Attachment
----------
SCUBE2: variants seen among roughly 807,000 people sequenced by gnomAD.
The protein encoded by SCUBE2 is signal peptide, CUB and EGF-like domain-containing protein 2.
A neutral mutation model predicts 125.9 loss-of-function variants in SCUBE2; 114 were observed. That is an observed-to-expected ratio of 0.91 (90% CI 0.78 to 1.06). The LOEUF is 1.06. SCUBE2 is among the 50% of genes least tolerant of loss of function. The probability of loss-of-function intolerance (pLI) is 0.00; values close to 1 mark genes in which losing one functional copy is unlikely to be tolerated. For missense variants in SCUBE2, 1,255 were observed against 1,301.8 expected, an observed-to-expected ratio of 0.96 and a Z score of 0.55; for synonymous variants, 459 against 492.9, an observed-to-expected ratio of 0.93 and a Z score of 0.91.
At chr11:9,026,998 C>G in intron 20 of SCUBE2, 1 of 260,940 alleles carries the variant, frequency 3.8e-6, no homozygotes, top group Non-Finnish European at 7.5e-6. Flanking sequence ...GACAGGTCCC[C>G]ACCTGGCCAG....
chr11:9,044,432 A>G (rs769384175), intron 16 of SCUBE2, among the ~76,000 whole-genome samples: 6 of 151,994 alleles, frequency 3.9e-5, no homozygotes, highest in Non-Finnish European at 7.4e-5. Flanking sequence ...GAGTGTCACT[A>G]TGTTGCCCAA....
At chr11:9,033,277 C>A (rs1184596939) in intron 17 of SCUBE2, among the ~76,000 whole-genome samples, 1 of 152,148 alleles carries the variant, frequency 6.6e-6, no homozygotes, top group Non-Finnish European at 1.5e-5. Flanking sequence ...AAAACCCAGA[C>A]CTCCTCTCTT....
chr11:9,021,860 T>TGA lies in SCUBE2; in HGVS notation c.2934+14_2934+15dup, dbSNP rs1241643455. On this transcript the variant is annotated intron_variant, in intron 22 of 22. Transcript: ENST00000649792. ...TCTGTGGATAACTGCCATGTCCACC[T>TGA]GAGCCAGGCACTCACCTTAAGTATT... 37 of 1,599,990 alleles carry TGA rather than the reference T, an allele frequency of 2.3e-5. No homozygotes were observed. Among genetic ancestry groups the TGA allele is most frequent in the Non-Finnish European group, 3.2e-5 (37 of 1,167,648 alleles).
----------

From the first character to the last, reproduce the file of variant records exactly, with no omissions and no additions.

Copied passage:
SCUBE2: variants seen among roughly 807,000 people sequenced by gnomAD.
The protein encoded by SCUBE2 is signal peptide, CUB and EGF-like domain-containing protein 2.
A neutral mutation model predicts 125.9 loss-of-function variants in SCUBE2; 114 were observed. That is an observed-to-expected ratio of 0.91 (90% CI 0.78 to 1.06). The LOEUF is 1.06. SCUBE2 is among the 50% of genes least tolerant of loss of function. The probability of loss-of-function intolerance (pLI) is 0.00; values close to 1 mark genes in which losing one functional copy is unlikely to be tolerated. For missense variants in SCUBE2, 1,255 were observed against 1,301.8 expected, an observed-to-expected ratio of 0.96 and a Z score of 0.55; for synonymous variants, 459 against 492.9, an observed-to-expected ratio of 0.93 and a Z score of 0.91.
At chr11:9,026,998 C>G in intron 20 of SCUBE2, 1 of 260,940 alleles carries the variant, frequency 3.8e-6, no homozygotes, top group Non-Finnish European at 7.5e-6. Flanking sequence ...GACAGGTCCC[C>G]ACCTGGCCAG....
chr11:9,044,432 A>G (rs769384175), intron 16 of SCUBE2, among the ~76,000 whole-genome samples: 6 of 151,994 alleles, frequency 3.9e-5, no homozygotes, highest in Non-Finnish European at 7.4e-5. Flanking sequence ...GAGTGTCACT[A>G]TGTTGCCCAA....
At chr11:9,033,277 C>A (rs1184596939) in intron 17 of SCUBE2, among the ~76,000 whole-genome samples, 1 of 152,148 alleles carries the variant, frequency 6.6e-6, no homozygotes, top group Non-Finnish European at 1.5e-5. Flanking sequence ...AAAACCCAGA[C>A]CTCCTCTCTT....
chr11:9,021,860 T>TGA lies in SCUBE2; in HGVS notation c.2934+14_2934+15dup, dbSNP rs1241643455. On this transcript the variant is annotated intron_variant, in intron 22 of 22. Transcript: ENST00000649792. ...TCTGTGGATAACTGCCATGTCCACC[T>TGA]GAGCCAGGCACTCACCTTAAGTATT... 37 of 1,599,990 alleles carry TGA rather than the reference T, an allele frequency of 2.3e-5. No homozygotes were observed. Among genetic ancestry groups the TGA allele is most frequent in the Non-Finnish European group, 3.2e-5 (37 of 1,167,648 alleles).